“Why am I always tired?”

That’s question #8 on the list of top health-related Google searches for 2018. It’s coincidentally question #1 on this writer’s mind when he wakes up, but that’s neither here nor there. Questions about the keto diet topped the list, with searchers presumably interested in the high-fat, low-carb lifestyle. Stephen Hawking’s death in March could be responsible for “What is ALS?” appearing at #2, while CNN posits that Lena Dunham could’ve driven searches for “What is endometriosis?” ringing in at #3. All we’ll say is, we did not expect to write a sentence where those two are mentioned in the same breath. As marijuana legalization slowly creeps over the US, would-be job applicants are worried about how long weed stays in urine, making it #4. It’s supposedly anywhere from 1 to 90 days, BTW.

Right to try bankruptcy?

The first case concerning the recent Right to Try legislation has come along and it involves Matt Bellina, one of the patients who pushed to pass the legislation in the first place. Before diving in this writer just wants to say—damn this guy is really a fighter. He’s not only a veteran battling ALS, but he also got legislation passed in freaking Congress, which isn’t easy. His case involves a cell therapy being developed by BrainStorm Cell Therapeutics, a biotech with no currently marketable treatments. It’s planning on addressing Right to Try applicants in a semicommercial model that they say won’t exploit patients. But since the company is pre-revenue there’s some big ethics concerns about how to charge vulnerable patients for the expensive treatments, which the law may not address.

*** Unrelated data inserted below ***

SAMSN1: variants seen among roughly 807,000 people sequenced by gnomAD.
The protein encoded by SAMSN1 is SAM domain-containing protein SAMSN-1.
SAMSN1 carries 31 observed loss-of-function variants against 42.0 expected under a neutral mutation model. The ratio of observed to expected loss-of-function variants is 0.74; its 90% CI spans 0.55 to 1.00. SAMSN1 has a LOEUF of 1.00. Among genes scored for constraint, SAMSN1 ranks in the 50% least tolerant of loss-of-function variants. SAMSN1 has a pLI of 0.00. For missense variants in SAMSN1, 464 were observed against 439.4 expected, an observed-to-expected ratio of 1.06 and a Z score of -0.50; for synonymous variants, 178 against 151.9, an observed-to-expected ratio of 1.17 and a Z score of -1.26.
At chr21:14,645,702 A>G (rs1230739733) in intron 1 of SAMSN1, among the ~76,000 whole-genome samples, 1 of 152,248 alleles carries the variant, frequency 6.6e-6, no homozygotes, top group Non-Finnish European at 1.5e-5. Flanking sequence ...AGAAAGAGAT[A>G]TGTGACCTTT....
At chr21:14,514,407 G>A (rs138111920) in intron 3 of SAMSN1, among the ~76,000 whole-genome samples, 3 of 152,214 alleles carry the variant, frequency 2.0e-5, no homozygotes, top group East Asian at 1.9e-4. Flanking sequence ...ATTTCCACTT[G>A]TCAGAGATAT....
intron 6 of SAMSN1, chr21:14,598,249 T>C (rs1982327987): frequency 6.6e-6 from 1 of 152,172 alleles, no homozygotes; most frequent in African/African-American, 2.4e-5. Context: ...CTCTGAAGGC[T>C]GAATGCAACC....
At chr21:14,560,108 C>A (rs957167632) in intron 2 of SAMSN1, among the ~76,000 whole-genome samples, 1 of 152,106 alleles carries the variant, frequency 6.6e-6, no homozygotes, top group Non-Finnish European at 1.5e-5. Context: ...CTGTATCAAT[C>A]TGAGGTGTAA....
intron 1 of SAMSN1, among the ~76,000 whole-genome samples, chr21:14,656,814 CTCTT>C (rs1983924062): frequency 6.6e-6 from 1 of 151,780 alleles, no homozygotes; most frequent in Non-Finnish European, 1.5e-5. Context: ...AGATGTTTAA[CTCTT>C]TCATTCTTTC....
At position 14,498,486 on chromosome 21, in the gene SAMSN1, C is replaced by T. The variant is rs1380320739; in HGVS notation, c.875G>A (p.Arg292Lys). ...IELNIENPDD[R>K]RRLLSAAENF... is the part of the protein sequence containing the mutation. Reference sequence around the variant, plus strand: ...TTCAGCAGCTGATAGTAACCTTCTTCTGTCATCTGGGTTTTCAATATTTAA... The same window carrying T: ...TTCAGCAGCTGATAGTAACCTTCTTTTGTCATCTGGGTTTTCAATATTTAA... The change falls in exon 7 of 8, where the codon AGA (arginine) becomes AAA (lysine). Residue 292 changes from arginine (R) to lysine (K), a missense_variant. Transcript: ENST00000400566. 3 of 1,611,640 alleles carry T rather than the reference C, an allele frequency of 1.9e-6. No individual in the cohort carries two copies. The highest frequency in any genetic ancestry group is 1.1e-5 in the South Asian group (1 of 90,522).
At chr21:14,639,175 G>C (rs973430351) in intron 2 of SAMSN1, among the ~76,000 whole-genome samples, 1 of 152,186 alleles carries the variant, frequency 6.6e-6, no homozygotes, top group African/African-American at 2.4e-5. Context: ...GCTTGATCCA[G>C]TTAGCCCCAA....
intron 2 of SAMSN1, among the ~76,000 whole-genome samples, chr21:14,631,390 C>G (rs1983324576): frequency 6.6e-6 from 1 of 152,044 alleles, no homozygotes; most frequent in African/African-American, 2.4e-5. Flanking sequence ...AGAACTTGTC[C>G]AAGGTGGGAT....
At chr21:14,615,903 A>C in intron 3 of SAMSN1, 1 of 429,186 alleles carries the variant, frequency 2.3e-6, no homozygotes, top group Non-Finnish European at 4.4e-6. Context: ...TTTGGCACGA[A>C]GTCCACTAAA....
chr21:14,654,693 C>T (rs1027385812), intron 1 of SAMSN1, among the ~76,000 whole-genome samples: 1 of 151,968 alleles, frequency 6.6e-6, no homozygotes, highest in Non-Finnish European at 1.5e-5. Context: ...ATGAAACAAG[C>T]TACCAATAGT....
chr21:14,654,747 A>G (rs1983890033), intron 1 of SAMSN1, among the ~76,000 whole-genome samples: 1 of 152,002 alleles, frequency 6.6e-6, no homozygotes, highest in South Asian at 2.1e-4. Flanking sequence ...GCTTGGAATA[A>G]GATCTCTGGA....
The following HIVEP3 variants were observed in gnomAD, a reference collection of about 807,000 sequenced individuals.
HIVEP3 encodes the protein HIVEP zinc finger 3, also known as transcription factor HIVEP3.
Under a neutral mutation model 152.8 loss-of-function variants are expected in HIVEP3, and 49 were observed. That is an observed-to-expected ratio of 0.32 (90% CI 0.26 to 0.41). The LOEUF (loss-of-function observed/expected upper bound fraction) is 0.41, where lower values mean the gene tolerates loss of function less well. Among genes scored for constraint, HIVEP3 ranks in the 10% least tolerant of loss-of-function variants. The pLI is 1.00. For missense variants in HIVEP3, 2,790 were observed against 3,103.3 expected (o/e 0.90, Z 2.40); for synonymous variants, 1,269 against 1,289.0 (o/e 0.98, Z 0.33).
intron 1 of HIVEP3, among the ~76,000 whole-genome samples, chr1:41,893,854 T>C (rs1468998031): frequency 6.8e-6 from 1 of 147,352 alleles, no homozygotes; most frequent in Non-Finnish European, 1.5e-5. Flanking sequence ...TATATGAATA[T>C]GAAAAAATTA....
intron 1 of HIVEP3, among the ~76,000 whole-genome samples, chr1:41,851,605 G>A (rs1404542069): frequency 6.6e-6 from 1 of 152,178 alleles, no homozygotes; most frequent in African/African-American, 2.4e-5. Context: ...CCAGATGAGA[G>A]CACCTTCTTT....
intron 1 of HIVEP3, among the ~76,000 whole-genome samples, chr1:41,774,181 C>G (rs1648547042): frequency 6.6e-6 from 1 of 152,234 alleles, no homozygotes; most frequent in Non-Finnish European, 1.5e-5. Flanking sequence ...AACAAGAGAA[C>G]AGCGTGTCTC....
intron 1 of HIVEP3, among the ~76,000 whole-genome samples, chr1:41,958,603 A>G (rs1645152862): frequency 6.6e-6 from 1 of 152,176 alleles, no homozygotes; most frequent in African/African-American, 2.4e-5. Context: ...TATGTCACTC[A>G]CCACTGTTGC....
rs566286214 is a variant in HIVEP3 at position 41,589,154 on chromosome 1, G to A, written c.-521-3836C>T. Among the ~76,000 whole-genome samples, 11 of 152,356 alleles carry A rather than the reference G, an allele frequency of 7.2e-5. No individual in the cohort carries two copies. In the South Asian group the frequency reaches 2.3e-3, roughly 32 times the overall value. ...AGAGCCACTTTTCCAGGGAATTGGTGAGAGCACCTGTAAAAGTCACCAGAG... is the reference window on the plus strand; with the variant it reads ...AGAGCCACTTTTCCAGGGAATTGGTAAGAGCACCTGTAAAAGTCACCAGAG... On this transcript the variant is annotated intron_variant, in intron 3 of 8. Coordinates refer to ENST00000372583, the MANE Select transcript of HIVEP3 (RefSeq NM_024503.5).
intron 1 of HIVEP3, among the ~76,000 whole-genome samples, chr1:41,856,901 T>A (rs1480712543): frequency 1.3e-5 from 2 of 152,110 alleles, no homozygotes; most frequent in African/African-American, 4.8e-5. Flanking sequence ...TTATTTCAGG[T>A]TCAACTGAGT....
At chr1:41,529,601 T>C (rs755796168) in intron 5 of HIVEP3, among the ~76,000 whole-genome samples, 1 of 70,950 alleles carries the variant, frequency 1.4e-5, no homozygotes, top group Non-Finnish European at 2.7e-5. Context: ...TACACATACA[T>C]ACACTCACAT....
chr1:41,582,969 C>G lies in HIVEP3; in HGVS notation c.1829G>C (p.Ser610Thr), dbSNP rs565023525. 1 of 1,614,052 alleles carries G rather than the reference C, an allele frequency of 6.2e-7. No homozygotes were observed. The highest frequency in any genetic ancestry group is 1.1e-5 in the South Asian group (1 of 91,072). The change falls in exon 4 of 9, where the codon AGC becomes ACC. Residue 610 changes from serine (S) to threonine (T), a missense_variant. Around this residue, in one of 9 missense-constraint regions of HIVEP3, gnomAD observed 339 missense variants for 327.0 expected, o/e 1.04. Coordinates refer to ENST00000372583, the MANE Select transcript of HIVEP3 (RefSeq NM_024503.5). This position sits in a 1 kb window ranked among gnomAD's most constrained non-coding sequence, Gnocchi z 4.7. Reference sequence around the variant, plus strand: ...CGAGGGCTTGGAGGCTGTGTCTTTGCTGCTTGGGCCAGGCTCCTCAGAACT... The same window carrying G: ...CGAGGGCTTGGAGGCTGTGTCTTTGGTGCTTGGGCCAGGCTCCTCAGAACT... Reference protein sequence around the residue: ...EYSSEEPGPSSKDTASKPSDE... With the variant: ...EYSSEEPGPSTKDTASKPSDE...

Now we’re not going to begrudge anyone at the end of their rope looking for anything that can help, but we do have some strong opinions on the subject. Listen to our recent discussion on Right to Try here in our second InsightCity podcast.

Take that, Lou Gehrig

For those interested in solving ALS (aka Lou Gehrig’s disease), last week was pretty good. While fewer than 20,000 people each year in the US are diagnosed with ALS, the impact of the disease is devastating. Researchers from Syracuse University, St. Jude’s, and SUNY Update Medical Center published a paper in Molecular Cell describing how ubiquitin eliminates droplets of Ubiquilin-2 (UBQLN2) in solution. This is important because UBQLN2 is found in motor neuron inclusions of ALS patients. The hope is that the research can lead to a better understanding of ALS’ molecular mechanisms. In a separate study, NIH-funded researchers at Stanford “used the gene editing tool CRISPR to rapidly identify genes in the human genome that might modify the severity of amyotrophic lateral sclerosis (ALS) caused by mutations in a gene called C9orf72.” Go get ’em. We couldn’t say it any better: #ALSsucks